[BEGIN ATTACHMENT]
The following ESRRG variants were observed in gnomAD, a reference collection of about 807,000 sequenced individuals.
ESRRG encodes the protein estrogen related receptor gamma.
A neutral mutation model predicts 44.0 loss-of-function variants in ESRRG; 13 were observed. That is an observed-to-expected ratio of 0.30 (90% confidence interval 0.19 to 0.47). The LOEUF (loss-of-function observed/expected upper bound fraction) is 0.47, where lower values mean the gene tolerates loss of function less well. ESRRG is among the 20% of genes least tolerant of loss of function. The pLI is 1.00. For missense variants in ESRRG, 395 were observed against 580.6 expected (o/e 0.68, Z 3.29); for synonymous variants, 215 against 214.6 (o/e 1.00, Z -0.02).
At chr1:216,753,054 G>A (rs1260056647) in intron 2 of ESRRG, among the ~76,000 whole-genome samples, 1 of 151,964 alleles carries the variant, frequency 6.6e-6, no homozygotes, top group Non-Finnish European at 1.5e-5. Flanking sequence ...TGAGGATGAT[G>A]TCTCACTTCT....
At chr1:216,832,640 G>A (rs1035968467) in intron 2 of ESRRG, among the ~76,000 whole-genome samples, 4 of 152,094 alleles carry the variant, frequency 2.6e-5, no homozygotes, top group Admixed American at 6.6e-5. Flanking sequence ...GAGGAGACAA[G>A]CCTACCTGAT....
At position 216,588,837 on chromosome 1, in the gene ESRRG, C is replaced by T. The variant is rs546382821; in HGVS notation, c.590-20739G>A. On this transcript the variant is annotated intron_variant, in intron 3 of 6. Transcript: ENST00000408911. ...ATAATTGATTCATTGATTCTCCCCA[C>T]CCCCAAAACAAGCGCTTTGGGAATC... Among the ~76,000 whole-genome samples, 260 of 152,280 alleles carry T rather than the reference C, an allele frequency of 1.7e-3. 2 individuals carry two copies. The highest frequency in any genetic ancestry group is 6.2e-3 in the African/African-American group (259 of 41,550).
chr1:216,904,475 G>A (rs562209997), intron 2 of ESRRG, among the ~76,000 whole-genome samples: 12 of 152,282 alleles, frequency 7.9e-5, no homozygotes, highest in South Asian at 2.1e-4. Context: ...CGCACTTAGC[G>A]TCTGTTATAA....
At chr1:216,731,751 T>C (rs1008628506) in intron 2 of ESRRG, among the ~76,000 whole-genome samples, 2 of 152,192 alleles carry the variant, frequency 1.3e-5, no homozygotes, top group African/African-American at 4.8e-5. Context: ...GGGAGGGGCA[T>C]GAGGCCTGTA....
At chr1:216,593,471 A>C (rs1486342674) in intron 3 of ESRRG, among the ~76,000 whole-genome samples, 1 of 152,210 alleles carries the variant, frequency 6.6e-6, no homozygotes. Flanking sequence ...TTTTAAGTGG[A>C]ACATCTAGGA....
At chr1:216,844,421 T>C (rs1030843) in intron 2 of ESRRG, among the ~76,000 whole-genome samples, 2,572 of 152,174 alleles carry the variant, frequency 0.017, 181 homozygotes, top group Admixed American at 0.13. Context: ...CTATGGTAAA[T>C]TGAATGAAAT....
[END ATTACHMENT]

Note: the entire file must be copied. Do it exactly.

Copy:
The following ESRRG variants were observed in gnomAD, a reference collection of about 807,000 sequenced individuals.
ESRRG encodes the protein estrogen related receptor gamma.
A neutral mutation model predicts 44.0 loss-of-function variants in ESRRG; 13 were observed. That is an observed-to-expected ratio of 0.30 (90% confidence interval 0.19 to 0.47). The LOEUF (loss-of-function observed/expected upper bound fraction) is 0.47, where lower values mean the gene tolerates loss of function less well. ESRRG is among the 20% of genes least tolerant of loss of function. The pLI is 1.00. For missense variants in ESRRG, 395 were observed against 580.6 expected (o/e 0.68, Z 3.29); for synonymous variants, 215 against 214.6 (o/e 1.00, Z -0.02).
At chr1:216,753,054 G>A (rs1260056647) in intron 2 of ESRRG, among the ~76,000 whole-genome samples, 1 of 151,964 alleles carries the variant, frequency 6.6e-6, no homozygotes, top group Non-Finnish European at 1.5e-5. Flanking sequence ...TGAGGATGAT[G>A]TCTCACTTCT....
At chr1:216,832,640 G>A (rs1035968467) in intron 2 of ESRRG, among the ~76,000 whole-genome samples, 4 of 152,094 alleles carry the variant, frequency 2.6e-5, no homozygotes, top group Admixed American at 6.6e-5. Flanking sequence ...GAGGAGACAA[G>A]CCTACCTGAT....
At position 216,588,837 on chromosome 1, in the gene ESRRG, C is replaced by T. The variant is rs546382821; in HGVS notation, c.590-20739G>A. On this transcript the variant is annotated intron_variant, in intron 3 of 6. Transcript: ENST00000408911. ...ATAATTGATTCATTGATTCTCCCCA[C>T]CCCCAAAACAAGCGCTTTGGGAATC... Among the ~76,000 whole-genome samples, 260 of 152,280 alleles carry T rather than the reference C, an allele frequency of 1.7e-3. 2 individuals carry two copies. The highest frequency in any genetic ancestry group is 6.2e-3 in the African/African-American group (259 of 41,550).
chr1:216,904,475 G>A (rs562209997), intron 2 of ESRRG, among the ~76,000 whole-genome samples: 12 of 152,282 alleles, frequency 7.9e-5, no homozygotes, highest in South Asian at 2.1e-4. Context: ...CGCACTTAGC[G>A]TCTGTTATAA....
At chr1:216,731,751 T>C (rs1008628506) in intron 2 of ESRRG, among the ~76,000 whole-genome samples, 2 of 152,192 alleles carry the variant, frequency 1.3e-5, no homozygotes, top group African/African-American at 4.8e-5. Context: ...GGGAGGGGCA[T>C]GAGGCCTGTA....
At chr1:216,593,471 A>C (rs1486342674) in intron 3 of ESRRG, among the ~76,000 whole-genome samples, 1 of 152,210 alleles carries the variant, frequency 6.6e-6, no homozygotes. Flanking sequence ...TTTTAAGTGG[A>C]ACATCTAGGA....
At chr1:216,844,421 T>C (rs1030843) in intron 2 of ESRRG, among the ~76,000 whole-genome samples, 2,572 of 152,174 alleles carry the variant, frequency 0.017, 181 homozygotes, top group Admixed American at 0.13. Context: ...CTATGGTAAA[T>C]TGAATGAAAT....